Let’s imagine some alternatives: The student, instead, posts a hand-written letter in the dorm lounge. Or brought up her feelings, in person, in a classroom setting with 15 other students and a competent teacher. This could have been a really meaningful and interesting conversation, instead of a huge fire, burning everyone involved.

          Facebook doesn’t want that. They want the fire. That’s why, in a horrible way, they’re the only “winners” of this tragic story. They make money on viral stuff like this. Stuff we can’t resist - the quick/ugly takes and weighing in, taking sides. We think we’re “participating” in a conversation, but that’s a farce. We’re feeding a machine that makes us hateful and confused. Facebook takes our precious, real feelings and turns them into a carnival of anger, hate, embarrassment, etc. because thats what we want to see.

          We need to develop, as a society, the power to look away. I think we will.

          The way that the BLM protests brought back the zombie-haters was particularly horrifying. The resurgence of BLM in 2020 gave everyone permission to be just plain angry. There has been so much fake (and very public) “reckoning” with race going on that it keeps getting harder and harder to get to the real stuff.

          It’s sometimes hard to know when it’s time to build and when it’s time to burn. But we need WAY more building (and less burning) if we’re going to escape our current chaos.

          • DellwoodBarker
            Top reader this weekReading streakScoutScribe
            1 month ago

            ✨ 5 star comment ✨

            Let’s imagine some alternatives: The student, instead, posts a hand-written letter in the dorm lounge. Or brought up her feelings, in person, in a classroom setting with 15 other students and a competent teacher. This could have been a really meaningful and interesting conversation, instead of a huge fire, burning everyone involved.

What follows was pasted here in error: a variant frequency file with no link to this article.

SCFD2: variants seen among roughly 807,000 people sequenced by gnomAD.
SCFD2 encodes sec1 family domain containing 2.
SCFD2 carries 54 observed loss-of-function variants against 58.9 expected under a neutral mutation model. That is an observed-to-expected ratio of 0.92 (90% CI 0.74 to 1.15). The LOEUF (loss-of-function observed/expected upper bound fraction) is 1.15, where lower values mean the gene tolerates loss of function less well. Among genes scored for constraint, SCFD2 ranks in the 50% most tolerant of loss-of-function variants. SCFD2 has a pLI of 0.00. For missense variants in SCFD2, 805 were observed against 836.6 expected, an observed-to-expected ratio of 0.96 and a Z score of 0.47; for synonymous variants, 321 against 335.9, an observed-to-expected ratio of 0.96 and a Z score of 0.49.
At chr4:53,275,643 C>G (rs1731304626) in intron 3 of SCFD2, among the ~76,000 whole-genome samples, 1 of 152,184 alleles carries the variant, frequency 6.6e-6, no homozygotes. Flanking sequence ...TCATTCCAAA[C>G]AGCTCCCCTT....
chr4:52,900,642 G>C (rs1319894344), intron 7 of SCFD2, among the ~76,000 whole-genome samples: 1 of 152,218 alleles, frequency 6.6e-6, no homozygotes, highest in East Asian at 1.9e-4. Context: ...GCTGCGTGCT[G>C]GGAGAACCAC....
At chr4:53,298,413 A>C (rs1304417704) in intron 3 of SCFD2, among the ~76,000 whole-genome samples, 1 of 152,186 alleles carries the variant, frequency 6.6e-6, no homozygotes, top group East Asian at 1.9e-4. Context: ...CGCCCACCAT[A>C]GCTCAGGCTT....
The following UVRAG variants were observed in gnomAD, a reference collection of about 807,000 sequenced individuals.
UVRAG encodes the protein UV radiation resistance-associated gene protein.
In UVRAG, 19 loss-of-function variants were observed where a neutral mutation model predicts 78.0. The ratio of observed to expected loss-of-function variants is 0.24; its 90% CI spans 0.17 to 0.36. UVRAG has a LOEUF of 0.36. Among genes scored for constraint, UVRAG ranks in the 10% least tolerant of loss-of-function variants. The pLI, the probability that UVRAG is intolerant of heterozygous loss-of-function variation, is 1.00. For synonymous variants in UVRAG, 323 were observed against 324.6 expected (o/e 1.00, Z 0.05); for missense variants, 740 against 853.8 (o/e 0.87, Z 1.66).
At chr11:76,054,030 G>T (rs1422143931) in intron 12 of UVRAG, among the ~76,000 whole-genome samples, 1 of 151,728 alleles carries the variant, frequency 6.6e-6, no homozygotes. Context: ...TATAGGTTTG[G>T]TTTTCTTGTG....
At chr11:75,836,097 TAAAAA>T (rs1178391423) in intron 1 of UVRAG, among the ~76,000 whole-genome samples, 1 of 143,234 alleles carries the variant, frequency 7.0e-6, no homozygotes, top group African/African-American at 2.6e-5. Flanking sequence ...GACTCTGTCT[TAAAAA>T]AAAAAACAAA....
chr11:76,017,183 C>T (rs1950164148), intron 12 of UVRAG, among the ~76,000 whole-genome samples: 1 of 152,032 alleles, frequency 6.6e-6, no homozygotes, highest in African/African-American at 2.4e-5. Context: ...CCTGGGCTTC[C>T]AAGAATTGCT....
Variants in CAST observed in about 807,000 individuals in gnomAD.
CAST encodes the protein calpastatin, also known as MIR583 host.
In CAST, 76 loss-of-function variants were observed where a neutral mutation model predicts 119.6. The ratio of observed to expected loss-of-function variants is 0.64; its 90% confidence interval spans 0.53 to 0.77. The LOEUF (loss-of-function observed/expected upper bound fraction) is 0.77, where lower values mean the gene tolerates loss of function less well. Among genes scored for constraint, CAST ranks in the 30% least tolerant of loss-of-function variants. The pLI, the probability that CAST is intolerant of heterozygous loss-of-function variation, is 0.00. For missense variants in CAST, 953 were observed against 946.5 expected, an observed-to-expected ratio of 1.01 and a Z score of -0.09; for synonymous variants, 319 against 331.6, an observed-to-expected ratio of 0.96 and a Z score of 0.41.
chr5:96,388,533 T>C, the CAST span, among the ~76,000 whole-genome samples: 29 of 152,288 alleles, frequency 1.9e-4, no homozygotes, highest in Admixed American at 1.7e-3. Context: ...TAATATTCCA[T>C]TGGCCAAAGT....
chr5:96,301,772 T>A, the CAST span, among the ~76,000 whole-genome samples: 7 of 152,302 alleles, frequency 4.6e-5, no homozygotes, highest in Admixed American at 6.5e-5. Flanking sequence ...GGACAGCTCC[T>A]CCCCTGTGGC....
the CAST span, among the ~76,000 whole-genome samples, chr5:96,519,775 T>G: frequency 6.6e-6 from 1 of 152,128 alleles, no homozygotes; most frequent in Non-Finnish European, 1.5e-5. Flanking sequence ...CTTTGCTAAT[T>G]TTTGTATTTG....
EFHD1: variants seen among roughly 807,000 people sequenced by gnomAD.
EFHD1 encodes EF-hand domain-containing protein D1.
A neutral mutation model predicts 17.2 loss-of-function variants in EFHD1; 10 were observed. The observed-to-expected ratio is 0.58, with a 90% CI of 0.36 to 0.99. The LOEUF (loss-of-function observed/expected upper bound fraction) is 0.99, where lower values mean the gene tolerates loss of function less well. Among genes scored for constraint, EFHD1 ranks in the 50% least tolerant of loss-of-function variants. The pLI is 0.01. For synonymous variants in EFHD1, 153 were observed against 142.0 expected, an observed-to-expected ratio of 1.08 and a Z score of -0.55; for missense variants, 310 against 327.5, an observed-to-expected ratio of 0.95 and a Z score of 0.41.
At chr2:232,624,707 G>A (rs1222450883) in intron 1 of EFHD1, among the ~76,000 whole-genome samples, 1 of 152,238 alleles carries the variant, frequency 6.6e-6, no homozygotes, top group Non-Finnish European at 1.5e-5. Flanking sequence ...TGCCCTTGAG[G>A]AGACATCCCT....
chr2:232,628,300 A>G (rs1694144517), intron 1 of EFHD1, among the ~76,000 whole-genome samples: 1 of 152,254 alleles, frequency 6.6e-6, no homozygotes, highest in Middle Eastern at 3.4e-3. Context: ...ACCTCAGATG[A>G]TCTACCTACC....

By getting literally Everyone Else (Facebook) in on your business - no matter what the issue - opens a Pandora’s box of manipulation and angles and misrepresentations that could potentially destroy those lives trying to help you and stand with you on your own issue. The possibility of creating more damage as a whole than actually effecting any true internal change - which is the key to social issues in a lot of ways.

            In a way this topic and article parallels well with the recent article of the man who discovered his family had been slandered online as pedophiles, despicable people etc by a one woman army - Ms. Atas - yet she claims she was not behind some of them.

            This article is much deeper and better written. The two marry well as reads though different issues at heart.

            1. Update (3/2/2021):

              P.s. this article brings to mind the excellent three season (I think) ABC series, American Crime written by John Ridley (12 Years a Slave). Each season would tackle a dynamic social issue (immigration, teen accusations in high school, etc) and dissect each character’s role, perspective, weakness/strength of integrity with balanced precision. The series was always compelling and way above the caliber of what network tv is known for offering. The season where Felicity Huffman plays the principal at a school where sexual harassment and race issues progress into an avalanche specifically comes to mind.

            • bill
              Top reader of all timeScoutScribe
              1 month ago

              👍